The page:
Learn how to gently help a friend or loved one overcome neurotic tendencies and change their life for the better.

Know someone who gets easily frazzled in stressful situations, or freezes up when faced with an important decision? These may be signs of neuroticism.

While the term ‘neurotic’ is often tossed around in pop culture as an insult, it’s actually a personality trait that some researchers believe deserves more attention. In fact, it may be a sign of other mental and physical disorders, according to Benjamin Lahey, PhD, from the University of Chicago in an article published in the journal American Psychologist.

Neurotic people experience feelings of sadness, anxiety, worry, self-consciousness, and irritability when faced with both major and minor life stressors. These negative emotions can lead a person to avoid making decisions or taking action to move forward with life, according to a press release for a new study published in the Journal of Personality.

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In this study of nearly 4,000 college students in 19 countries, researchers found that the reason neurotic people have such trouble tackling stress is because they have less positive attitudes toward taking action than non-neurotic people do. So, if you want to help your neurotic friend or loved one, having a persuasive conversation with them may change the way they view their life problems and gently prod them into action.

Don’t know what to say? Follow these five simple tips from Dr. Julia Samton, who is board certified in psychiatry and neurology and the director of Manhattan Neuropsychiatric in New York City.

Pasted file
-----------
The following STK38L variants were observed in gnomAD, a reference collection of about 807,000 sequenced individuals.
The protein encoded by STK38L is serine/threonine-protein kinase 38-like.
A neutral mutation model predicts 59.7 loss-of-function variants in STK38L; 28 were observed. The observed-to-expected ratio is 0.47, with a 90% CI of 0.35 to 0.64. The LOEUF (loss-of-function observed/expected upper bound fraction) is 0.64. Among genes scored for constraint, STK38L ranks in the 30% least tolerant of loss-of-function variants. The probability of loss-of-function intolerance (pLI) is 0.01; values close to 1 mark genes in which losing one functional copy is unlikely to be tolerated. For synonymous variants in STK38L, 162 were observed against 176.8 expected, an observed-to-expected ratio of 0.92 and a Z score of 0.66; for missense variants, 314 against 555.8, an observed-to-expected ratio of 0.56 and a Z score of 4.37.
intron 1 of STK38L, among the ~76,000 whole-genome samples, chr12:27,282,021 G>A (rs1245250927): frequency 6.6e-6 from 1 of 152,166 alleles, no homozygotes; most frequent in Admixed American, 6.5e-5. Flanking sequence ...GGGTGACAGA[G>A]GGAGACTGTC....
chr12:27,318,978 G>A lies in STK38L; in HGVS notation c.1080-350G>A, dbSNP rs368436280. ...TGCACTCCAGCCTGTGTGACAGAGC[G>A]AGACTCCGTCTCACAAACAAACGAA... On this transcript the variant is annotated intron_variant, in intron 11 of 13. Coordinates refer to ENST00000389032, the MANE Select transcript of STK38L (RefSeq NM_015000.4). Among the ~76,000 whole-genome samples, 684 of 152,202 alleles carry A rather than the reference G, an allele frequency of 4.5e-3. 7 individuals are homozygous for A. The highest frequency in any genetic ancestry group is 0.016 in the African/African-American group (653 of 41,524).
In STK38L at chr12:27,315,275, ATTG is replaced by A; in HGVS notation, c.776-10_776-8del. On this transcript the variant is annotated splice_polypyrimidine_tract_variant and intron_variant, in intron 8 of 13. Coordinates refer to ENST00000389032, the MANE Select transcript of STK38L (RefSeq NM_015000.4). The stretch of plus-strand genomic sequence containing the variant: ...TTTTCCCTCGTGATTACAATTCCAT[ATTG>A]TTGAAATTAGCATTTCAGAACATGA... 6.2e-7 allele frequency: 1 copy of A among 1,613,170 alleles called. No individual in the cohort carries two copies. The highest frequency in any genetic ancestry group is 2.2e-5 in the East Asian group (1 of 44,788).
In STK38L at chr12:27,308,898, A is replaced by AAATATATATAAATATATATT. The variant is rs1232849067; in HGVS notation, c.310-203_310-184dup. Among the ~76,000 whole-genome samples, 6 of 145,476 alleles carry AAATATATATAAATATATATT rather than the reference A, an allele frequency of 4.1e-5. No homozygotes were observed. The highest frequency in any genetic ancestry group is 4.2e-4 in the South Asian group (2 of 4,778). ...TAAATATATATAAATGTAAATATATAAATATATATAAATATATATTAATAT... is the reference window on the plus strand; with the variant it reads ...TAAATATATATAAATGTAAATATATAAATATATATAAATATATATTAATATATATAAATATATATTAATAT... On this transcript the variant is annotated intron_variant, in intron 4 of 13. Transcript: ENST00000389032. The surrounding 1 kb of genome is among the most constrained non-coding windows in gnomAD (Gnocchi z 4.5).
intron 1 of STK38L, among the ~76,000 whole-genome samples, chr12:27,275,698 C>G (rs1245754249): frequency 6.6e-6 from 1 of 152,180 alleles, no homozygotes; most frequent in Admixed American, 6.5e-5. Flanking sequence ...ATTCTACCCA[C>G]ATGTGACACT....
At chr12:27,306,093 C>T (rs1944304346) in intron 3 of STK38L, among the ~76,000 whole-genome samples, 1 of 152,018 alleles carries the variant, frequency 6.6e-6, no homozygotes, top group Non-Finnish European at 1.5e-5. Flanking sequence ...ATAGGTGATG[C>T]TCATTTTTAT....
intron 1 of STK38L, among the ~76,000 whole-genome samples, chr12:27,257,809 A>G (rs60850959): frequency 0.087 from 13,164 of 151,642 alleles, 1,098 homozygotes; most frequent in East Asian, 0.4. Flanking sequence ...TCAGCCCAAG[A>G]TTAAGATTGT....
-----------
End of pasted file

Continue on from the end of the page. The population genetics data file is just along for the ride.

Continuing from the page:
One way to help your friend or loved one is to reassure them that, in most cases, the situation they’re facing is not life or death, Samton said.

“It helps to be as non-judgmental as possible and to try to do what you can to reassure without criticizing,” she said.

Suggesting that your friend take time to go for a walk outside or do something else to clear his or her head, such as practicing deep breathing, can help him or her sort through conflicting emotions as well as look at the situation more realistically, Samton said.

“Sometimes, distancing themselves from their emotions can help them see reality with a calmer perspective,” she said.

Breathing techniques for relaxation and mindfulness include diaphragmatic breathing, meditation, and progressive muscle relaxation.

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If your friend is going through a tough time, let him or her know that you want to be present and stay with them until they relax and calm down. And when giving advice, frame it positively and make sure you are giving feedback that is constructive, Samton said.

“Even though they might be experiencing these negative emotions and conclusions, help ground them,” she said.

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When appropriate, share a personal story that relates to your friend or loved one’s situation, such as a time when you were in a similar position and how it worked out positively, Samton said.

If you feel like your friend is not responding to your help, suggest that that they speak to a professional, Samton said. In some cases, this may be a difficult conversation to have, so make sure you approach the subject in a kind and respectful way.

Samton suggests saying something like, “It seems like you’re having a really tough time and maybe speaking to someone about how you’re feeling might be a way that you can feel better,” or, “Everyone struggles, and lots of people have found it helpful to speak to a professional and work toward a better life.”

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